How to Structure Play
When we think of Play and Structured Play, we immediately realize that observation skills and learning go hand in hand. Both are highly beneficial to your child’s development. Do you often ask, “What is Child Development”? According to Kid Sense Child Development, “Children’s development occurs across a range of skill areas including: physical (motor) skills, speech and language, social and emotional, cognitive and intellectual abilities”. Monitoring of Child Development is crucial to your child’s success, while making sure their milestones are being met. Let’s delve into helping your families use three techniques to take your fun playtime and make it slightly more structured, you can do this without your child even knowing they are learning! Here it goes!
- Introduce (1-2) specific concepts for daily playtime sessions – Choose specific times whether early morning or after afternoon snack to structure your child’s play. Get on their level and engage with them. Find something you know your child likes and set up an activity around it. This could take place at the carpet, table, or outside on a walk. Use props, materials and high energy. Ask open-ended questions, discuss observations, and use visual cues. Your child can go into any direction they choose and you follow their lead, this will make a huge difference for the future. This will offer a wealth of knowledge for the child.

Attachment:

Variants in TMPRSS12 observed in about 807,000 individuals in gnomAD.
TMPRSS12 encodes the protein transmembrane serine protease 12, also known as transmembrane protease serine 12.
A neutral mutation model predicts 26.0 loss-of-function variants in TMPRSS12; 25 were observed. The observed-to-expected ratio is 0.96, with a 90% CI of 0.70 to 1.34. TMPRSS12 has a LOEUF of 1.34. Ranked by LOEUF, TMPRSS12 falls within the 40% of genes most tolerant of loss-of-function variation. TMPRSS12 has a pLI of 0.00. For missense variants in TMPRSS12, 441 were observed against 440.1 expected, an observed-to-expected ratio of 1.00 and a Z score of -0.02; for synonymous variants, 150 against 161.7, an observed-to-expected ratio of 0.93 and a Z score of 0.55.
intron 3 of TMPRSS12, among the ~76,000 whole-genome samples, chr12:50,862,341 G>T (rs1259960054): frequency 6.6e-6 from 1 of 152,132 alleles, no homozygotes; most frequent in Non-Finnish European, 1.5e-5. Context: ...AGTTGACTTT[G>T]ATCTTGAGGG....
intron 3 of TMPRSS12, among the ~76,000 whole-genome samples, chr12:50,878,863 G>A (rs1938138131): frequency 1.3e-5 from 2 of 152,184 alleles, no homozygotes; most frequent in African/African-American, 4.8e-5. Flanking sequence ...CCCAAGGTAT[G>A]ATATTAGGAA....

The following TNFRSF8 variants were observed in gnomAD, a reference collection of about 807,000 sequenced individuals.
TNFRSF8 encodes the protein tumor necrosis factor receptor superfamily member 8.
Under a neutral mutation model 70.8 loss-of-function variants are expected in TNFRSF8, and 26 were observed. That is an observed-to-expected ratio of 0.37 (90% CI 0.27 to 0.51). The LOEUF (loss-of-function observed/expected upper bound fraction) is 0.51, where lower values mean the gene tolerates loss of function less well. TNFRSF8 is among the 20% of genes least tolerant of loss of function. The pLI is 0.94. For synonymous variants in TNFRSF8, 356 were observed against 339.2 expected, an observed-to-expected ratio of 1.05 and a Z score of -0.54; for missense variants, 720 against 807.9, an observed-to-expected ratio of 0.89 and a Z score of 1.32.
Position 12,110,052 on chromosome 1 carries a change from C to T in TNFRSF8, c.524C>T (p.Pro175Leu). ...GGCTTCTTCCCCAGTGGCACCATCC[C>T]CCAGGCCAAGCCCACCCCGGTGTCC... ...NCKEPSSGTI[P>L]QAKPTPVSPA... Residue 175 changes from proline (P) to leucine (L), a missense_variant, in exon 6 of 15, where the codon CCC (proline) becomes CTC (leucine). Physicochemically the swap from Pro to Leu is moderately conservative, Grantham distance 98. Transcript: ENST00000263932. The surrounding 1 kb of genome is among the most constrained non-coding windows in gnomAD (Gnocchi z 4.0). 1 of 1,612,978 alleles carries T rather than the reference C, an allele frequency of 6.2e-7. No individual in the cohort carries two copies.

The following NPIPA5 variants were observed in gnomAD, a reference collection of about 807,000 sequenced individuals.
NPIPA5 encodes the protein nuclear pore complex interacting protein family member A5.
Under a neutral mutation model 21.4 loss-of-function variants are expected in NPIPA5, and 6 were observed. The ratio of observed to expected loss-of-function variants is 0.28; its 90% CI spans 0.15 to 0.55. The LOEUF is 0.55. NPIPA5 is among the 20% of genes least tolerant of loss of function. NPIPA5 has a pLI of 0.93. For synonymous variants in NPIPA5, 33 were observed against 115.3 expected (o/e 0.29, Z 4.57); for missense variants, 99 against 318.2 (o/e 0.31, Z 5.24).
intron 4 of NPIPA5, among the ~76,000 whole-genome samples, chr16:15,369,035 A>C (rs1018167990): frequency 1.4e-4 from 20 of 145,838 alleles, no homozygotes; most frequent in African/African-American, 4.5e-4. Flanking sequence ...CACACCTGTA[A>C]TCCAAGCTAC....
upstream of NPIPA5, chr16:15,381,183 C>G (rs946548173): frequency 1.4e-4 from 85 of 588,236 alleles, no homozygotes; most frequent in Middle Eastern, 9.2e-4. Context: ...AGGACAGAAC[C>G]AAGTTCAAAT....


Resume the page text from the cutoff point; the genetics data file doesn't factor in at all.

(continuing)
- Create a home model of an educational space/classroom – This can be used for children infant to preschool. Purchase bins, drawers, chairs etc. and turn your child’s entertainment space into an educational realm. This means having everything in its order and all materials having a home. I.E. books on a shelf, small table and chairs for art, puzzle rack, stuffed animals on a shelf, cars in a bin. This will give it a structured look and even free play will be semi-structured.
- Use team building and appropriate social skills on playdates – We encourage children having play dates and or friends. A play date is the perfect time to see what developmental, and social level your child is on. Use special techniques to discuss emotions, proper sharing techniques, and listen to the language they use with peers. Take notes, and see how you can improve these for the next visit. Encourage success using positive words and modeling appropriate behavior.